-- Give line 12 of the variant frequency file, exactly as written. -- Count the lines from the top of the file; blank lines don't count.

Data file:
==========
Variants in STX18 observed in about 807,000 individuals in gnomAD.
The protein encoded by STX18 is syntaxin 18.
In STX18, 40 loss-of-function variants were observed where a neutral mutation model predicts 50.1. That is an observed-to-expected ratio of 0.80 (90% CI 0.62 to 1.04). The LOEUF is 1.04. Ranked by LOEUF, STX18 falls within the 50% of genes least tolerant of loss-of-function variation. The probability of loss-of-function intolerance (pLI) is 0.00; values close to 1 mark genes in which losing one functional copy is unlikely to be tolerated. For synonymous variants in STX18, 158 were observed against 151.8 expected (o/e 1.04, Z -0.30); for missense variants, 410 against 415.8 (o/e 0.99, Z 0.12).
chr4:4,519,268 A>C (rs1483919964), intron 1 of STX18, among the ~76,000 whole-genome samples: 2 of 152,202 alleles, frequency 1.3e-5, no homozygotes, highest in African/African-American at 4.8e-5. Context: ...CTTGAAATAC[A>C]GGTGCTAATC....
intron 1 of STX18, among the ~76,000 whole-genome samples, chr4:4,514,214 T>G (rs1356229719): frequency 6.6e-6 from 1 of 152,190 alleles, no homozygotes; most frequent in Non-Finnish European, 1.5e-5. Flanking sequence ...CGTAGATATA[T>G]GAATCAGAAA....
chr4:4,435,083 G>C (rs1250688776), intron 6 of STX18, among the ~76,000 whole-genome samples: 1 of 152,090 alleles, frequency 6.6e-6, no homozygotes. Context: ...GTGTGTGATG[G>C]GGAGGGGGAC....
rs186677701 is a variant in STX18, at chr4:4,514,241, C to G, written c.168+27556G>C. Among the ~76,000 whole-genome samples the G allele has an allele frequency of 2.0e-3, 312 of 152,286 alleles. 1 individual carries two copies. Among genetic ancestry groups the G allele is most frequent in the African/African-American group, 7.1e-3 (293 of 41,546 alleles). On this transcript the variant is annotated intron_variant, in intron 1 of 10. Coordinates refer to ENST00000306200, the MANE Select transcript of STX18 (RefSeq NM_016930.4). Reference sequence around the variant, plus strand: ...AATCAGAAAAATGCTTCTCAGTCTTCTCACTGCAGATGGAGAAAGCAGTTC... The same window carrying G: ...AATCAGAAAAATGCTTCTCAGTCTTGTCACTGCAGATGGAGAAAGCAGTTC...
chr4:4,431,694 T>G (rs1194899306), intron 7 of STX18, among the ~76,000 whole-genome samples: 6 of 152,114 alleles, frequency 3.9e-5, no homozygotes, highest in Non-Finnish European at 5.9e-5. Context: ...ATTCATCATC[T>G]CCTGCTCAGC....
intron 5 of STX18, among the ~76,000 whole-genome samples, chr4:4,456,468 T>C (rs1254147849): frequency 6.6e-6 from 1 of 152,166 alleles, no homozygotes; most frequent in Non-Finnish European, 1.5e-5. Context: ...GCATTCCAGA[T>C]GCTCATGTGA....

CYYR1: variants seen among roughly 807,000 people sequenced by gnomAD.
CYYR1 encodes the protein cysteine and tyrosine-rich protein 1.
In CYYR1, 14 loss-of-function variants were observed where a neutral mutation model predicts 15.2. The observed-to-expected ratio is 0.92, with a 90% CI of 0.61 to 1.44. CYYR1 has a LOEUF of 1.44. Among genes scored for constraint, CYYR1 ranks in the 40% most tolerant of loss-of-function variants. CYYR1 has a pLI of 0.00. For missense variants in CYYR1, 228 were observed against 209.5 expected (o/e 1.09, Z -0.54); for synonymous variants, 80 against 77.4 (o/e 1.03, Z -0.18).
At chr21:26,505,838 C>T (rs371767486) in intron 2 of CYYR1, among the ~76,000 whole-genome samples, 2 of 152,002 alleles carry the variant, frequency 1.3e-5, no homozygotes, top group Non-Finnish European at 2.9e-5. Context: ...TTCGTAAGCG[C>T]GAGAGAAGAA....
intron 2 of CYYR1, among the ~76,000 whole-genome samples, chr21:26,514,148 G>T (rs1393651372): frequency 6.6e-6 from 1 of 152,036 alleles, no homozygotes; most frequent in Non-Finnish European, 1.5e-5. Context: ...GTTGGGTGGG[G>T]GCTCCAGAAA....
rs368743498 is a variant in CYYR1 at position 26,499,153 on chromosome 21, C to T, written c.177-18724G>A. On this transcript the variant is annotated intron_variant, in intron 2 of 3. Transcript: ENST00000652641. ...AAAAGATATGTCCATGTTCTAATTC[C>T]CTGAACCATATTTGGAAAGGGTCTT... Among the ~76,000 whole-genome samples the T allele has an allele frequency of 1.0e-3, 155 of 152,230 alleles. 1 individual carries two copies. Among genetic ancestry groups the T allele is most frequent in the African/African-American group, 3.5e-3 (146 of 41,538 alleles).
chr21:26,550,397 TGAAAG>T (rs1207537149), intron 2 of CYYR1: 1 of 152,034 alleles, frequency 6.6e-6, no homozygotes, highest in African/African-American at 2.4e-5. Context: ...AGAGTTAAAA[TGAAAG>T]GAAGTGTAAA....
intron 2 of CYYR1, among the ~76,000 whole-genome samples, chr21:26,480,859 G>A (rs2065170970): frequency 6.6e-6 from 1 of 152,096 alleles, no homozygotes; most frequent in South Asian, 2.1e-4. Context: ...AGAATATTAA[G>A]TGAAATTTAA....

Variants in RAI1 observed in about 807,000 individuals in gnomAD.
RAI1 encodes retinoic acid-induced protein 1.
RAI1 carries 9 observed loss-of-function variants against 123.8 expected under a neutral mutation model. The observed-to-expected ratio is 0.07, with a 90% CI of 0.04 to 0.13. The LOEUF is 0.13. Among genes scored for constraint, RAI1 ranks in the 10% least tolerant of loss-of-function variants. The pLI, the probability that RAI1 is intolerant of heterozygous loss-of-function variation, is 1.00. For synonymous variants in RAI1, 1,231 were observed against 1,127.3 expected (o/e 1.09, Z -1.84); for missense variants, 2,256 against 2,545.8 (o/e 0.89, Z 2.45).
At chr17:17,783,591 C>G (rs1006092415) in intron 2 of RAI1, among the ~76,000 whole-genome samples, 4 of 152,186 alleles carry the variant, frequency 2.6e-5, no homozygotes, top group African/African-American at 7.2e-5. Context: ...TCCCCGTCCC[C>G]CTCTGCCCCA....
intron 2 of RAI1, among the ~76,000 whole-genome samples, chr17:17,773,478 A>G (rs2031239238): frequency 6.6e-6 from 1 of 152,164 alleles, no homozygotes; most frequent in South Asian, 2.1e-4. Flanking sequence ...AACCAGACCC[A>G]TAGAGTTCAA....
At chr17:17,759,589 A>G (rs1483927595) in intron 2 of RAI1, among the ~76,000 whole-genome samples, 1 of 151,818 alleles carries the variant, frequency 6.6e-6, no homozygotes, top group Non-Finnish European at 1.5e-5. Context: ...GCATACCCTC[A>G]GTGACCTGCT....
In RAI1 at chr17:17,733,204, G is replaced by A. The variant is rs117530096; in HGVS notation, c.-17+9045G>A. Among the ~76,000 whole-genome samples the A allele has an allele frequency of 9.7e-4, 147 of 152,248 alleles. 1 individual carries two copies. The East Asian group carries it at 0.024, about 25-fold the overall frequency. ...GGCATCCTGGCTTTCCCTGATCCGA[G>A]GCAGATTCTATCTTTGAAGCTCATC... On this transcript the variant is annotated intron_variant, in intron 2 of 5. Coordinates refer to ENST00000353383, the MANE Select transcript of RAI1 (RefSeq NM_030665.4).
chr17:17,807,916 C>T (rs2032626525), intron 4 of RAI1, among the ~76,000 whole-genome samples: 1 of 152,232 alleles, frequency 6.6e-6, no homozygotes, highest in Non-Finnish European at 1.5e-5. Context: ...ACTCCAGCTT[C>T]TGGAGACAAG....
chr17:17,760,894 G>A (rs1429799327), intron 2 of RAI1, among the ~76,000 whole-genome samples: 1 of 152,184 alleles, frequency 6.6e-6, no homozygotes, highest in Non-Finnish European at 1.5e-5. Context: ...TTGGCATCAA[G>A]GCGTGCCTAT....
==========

In CYYR1, 14 loss-of-function variants were observed where a neutral mutation model predicts 15.2. The observed-to-expected ratio is 0.92, with a 90% CI of 0.61 to 1.44. CYYR1 has a LOEUF of 1.44. Among genes scored for constraint, CYYR1 ranks in the 40% most tolerant of loss-of-function variants. CYYR1 has a pLI of 0.00. For missense variants in CYYR1, 228 were observed against 209.5 expected (o/e 1.09, Z -0.54); for synonymous variants, 80 against 77.4 (o/e 1.03, Z -0.18).